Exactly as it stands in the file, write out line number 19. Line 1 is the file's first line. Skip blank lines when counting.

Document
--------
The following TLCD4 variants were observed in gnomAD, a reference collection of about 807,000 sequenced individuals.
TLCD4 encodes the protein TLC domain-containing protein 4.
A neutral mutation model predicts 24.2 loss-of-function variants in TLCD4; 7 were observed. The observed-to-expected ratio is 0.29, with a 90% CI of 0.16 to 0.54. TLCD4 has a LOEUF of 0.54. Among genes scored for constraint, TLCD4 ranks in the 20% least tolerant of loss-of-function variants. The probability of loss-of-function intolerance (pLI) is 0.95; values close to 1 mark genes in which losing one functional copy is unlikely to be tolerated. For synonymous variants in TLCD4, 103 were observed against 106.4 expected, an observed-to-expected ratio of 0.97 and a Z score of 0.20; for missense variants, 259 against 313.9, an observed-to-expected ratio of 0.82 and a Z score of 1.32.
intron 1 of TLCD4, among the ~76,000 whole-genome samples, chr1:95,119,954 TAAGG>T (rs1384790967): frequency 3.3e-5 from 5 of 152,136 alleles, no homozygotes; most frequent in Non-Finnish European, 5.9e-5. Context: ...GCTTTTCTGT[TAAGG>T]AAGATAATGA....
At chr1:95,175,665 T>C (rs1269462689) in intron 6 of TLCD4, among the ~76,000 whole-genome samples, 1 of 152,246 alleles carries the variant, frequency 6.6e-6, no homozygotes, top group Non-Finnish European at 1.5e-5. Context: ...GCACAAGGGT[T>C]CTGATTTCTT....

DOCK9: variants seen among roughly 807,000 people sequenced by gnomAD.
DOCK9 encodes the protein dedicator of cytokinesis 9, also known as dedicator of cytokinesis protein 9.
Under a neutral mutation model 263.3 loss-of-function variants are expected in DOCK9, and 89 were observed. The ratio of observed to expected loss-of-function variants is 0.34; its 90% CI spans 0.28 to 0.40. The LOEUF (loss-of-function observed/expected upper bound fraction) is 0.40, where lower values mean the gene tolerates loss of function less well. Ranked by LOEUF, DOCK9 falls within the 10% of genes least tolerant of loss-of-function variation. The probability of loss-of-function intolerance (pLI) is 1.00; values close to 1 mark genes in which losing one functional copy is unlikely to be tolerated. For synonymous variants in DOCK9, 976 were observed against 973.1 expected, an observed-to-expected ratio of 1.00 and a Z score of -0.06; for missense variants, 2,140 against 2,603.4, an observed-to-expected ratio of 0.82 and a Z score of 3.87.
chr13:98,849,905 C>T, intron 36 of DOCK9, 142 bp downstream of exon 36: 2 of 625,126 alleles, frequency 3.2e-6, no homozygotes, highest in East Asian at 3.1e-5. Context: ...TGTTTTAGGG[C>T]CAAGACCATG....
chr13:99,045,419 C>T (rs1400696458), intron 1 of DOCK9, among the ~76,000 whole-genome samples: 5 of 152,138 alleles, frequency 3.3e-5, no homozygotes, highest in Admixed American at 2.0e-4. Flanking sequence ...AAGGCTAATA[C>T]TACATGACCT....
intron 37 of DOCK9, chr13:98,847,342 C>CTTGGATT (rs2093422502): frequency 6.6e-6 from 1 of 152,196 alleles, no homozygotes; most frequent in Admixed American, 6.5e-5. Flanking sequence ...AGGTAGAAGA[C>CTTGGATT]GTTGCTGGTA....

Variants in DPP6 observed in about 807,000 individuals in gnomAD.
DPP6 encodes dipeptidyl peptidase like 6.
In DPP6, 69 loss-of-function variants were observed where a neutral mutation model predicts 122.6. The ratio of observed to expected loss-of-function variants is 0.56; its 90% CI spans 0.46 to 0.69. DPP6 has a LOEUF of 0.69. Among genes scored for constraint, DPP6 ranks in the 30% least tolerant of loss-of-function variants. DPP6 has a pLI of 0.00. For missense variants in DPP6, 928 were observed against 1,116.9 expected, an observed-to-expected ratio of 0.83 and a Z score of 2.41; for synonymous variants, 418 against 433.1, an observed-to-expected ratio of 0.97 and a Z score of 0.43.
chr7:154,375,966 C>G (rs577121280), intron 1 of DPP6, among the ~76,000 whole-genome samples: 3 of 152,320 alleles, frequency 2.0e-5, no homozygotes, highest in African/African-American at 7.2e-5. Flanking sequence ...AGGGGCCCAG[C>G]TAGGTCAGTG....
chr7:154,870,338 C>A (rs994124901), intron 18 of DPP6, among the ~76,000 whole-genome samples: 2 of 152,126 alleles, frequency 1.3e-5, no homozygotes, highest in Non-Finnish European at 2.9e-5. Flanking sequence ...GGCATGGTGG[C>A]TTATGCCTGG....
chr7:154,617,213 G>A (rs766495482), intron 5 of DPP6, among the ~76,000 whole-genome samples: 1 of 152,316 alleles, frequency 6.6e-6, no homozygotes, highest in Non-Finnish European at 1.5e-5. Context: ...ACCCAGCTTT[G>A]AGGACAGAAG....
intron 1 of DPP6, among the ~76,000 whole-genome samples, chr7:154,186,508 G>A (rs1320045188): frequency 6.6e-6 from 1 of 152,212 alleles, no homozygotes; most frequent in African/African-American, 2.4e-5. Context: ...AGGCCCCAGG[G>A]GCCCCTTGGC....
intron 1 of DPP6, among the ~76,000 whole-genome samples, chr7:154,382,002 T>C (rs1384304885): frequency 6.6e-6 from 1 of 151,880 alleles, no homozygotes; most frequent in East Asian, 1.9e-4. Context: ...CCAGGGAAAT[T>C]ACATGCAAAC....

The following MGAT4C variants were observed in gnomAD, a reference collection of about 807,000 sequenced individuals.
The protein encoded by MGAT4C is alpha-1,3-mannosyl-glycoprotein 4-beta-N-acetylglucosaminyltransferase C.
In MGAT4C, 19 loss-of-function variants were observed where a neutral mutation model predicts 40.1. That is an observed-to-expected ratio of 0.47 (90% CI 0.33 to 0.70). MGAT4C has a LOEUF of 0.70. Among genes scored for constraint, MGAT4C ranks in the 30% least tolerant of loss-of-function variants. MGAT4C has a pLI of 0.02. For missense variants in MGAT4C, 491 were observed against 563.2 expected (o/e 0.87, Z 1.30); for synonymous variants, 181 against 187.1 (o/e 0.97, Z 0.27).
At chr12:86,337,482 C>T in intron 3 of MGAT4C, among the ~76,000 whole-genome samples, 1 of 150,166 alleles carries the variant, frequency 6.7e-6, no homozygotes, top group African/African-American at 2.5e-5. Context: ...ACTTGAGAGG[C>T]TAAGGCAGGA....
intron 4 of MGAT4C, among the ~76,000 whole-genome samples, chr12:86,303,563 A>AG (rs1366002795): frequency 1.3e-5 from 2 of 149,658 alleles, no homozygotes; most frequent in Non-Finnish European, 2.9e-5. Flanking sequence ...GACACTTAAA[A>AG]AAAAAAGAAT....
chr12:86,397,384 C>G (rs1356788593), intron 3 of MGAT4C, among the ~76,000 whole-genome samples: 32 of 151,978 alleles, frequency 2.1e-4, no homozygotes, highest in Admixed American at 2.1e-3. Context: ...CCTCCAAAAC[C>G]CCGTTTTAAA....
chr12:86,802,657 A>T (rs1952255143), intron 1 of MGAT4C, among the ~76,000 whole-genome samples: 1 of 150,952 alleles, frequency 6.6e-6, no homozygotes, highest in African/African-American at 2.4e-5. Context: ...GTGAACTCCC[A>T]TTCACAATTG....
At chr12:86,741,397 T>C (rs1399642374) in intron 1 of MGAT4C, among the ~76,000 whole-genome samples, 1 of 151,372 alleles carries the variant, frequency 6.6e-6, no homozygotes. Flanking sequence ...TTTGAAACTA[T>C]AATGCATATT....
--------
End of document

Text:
intron 1 of DPP6, among the ~76,000 whole-genome samples, chr7:154,382,002 T>C (rs1384304885): frequency 6.6e-6 from 1 of 151,880 alleles, no homozygotes; most frequent in East Asian, 1.9e-4. Context: ...CCAGGGAAAT[T>C]ACATGCAAAC....